has guarded them. As for those from
    whom ye fear rebellion (nushz,
    interpreted by translator as arrogance,
    refusing to consent to sex), admonish
    them and banish them to beds apart,
    and scourge them. Then if they obey
    you seek not a way against them".

    N. J Dawood has a slightly different
    translation. "Men have authority over
    women because God has made the
    one superior to the other and because
    they spend their wealth to maintain
    them. Good women are obedient.
    They guard their unseen parts because
    God has guarded them. As for those
    from whom you fear disobedience,
    admonish them and send them to beds
    apart and beat them. Then if they obey
    you, take no further action against

    Professor Ahmed Ali has the most
    favourable translation of this verse in
    which he omits the words "beat" or
    "scourge" and gives a lengthy footnote
    explanation of why he doesn't think
    Allah really meant to say that (he was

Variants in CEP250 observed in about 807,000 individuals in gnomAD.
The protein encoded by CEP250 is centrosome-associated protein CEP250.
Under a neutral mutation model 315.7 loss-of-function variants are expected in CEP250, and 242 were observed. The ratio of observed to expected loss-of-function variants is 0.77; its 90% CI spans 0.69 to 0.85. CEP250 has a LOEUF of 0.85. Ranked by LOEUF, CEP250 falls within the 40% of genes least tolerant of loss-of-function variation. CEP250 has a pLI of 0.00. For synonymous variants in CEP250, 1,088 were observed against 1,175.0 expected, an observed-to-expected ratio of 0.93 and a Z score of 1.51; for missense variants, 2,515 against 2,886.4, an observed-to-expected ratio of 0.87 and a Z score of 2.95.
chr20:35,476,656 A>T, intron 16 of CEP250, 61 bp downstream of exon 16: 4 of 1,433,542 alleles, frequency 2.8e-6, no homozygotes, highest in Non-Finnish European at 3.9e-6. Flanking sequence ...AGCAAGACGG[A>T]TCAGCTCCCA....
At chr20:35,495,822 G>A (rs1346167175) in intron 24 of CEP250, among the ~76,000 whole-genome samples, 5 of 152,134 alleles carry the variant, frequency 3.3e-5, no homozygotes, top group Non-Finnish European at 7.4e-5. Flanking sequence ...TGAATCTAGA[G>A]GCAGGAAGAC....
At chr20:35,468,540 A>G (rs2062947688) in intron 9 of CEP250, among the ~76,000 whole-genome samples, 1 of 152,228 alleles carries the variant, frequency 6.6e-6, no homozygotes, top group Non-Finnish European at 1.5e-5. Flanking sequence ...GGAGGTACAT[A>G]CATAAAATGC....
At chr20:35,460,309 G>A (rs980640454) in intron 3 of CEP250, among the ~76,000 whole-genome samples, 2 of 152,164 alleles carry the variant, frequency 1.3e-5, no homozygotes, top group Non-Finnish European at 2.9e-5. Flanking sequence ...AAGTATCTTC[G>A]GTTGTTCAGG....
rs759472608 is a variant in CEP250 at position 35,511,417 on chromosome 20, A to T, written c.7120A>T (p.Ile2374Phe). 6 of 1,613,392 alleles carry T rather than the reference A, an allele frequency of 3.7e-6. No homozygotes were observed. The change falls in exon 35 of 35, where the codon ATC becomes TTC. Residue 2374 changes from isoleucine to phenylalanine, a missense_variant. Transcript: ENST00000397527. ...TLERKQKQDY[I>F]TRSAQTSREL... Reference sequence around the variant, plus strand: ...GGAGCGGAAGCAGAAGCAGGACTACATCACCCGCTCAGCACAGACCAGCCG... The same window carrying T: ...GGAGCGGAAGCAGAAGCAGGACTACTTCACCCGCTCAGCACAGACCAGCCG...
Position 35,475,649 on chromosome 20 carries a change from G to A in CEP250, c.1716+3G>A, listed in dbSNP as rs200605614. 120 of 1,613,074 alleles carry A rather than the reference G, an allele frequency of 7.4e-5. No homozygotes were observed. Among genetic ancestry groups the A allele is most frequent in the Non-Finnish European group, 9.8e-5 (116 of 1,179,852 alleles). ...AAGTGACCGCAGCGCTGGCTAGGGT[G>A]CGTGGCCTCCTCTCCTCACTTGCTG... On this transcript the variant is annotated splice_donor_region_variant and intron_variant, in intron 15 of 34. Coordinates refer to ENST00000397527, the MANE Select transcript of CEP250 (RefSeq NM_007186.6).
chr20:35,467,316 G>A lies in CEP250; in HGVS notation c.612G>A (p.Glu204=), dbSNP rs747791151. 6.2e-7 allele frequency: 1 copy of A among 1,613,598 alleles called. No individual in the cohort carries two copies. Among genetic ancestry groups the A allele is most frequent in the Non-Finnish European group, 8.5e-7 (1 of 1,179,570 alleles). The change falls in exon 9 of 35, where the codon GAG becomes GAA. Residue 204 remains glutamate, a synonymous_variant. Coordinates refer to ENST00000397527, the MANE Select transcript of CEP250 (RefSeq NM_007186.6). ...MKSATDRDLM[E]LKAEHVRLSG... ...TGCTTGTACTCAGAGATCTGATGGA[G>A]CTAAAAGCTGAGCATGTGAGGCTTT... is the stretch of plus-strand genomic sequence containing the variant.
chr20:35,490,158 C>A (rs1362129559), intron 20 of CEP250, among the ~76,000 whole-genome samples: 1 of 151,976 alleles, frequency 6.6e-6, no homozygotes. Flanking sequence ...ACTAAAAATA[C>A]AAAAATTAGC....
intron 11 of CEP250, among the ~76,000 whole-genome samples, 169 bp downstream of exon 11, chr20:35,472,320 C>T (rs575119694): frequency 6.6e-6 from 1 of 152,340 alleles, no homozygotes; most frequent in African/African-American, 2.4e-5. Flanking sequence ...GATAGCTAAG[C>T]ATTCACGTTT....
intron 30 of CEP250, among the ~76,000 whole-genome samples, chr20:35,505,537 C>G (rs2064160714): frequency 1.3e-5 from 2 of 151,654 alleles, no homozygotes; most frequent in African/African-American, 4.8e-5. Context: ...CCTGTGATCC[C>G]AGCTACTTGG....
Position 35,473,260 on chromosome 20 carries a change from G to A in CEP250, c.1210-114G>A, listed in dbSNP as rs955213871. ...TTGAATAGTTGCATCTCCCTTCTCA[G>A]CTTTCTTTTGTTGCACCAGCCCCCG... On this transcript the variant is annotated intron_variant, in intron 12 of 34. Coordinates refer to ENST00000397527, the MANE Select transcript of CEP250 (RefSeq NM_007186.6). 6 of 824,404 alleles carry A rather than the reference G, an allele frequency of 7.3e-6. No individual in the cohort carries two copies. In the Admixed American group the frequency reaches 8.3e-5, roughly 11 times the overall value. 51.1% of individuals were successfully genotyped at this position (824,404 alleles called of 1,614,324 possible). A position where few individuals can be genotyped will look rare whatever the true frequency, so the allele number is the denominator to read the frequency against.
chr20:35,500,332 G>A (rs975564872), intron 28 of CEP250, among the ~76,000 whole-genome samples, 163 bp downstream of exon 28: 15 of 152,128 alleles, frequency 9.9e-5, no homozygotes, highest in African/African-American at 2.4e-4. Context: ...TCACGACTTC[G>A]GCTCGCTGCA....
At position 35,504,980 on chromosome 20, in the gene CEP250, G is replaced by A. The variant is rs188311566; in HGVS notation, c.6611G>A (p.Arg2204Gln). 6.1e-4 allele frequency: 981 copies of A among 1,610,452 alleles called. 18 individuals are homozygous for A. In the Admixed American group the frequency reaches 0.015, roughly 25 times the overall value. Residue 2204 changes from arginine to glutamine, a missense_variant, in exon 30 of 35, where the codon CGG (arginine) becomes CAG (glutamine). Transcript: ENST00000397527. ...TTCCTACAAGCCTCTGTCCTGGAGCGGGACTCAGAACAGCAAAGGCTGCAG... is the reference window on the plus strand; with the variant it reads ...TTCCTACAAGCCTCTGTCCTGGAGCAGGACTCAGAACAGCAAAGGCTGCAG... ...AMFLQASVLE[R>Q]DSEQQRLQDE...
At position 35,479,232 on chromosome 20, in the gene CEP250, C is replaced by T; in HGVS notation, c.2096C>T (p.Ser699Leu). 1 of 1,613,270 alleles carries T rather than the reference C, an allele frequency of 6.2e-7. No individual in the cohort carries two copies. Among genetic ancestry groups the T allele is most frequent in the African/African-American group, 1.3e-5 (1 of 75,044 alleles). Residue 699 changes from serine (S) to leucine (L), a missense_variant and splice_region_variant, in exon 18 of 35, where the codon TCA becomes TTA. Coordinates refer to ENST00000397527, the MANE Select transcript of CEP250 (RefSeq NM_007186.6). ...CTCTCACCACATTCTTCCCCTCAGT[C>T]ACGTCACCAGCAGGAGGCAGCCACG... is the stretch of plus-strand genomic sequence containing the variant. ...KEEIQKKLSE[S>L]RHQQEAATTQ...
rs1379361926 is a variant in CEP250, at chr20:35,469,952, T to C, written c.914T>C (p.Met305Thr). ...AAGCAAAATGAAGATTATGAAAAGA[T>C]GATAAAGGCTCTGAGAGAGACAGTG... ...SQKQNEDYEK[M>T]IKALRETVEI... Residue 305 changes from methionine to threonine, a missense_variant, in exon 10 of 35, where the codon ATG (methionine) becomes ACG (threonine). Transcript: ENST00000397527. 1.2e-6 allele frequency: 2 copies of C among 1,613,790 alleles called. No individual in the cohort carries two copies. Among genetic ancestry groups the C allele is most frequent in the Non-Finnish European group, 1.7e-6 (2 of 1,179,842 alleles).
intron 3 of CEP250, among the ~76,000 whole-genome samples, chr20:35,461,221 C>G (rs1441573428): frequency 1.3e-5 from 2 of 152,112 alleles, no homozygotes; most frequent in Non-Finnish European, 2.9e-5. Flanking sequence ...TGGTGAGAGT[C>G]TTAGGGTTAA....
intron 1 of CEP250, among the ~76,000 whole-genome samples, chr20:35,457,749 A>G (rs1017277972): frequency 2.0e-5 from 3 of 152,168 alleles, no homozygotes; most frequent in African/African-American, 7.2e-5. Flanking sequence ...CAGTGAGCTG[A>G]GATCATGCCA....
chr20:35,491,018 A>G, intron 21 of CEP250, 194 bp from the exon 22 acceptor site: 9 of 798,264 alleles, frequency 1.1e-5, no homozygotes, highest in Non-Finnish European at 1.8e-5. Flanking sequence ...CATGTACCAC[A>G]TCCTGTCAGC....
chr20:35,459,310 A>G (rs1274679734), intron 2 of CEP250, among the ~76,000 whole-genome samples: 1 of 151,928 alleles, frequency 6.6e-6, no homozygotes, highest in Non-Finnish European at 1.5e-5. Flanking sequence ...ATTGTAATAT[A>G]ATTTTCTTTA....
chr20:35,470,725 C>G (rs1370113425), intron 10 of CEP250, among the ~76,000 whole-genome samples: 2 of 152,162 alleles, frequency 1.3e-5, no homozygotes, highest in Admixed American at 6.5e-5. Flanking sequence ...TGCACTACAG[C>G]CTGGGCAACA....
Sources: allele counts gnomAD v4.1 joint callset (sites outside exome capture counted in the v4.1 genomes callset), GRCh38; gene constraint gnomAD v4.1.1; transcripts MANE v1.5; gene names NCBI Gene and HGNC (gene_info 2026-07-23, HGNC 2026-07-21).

a pretty "liberal" man, and I have
    looked at many others that are similar
    to the translations given above).

    So how do we reconcile Quranic
    verses like these (and there are many
    others) with what we would like to
    think - that Islam couldn't be
    condoning violence towards women?
    As, I said earlier, the explanation lies
    in the fact Islam conceded to male
    biology. Men have a primal, biological
    need to control female behavior
    because, until recently when DNA
    testing became available, there was no
    way that a man could be sure that the
    offspring that his woman had ha, was
    really his own. The only way that he
    could be sure he was propagating his
    own genes and spending his time and
    energy in the support of his own
    children and not somebody else's, was
    by restricting his women's activities.
    So her activities had to be restricted.
    In an Arab environment of debauchery
    and hedonism when the Prophet had
    to make so many revolutionary
    changes, I am sure this appeared to be
    a minor concession, especially since it
    made perfect biologic sense.

    The problem was further compounded
    by the sentiments of two of our
    Khulfa-i-Rashideen - Hazrat Omar
    and Hazrat Ali. Hazrat Omar believed
    in strict control of his women. Many of
    you may remember the story from
    Islamiat about when he discovered
    that his sister had converted to Islam
    and was even holding meetings of
    Muslims in her house, "he beat her so
    badly that marks were left on her".
    After he himself converted, there are
    many reports that he pleaded with the
    Prophet to show more strictness to his
    wives and that because of the
    Prophet's lenient attitudes, the women
    of Hijaz were becoming disobedient.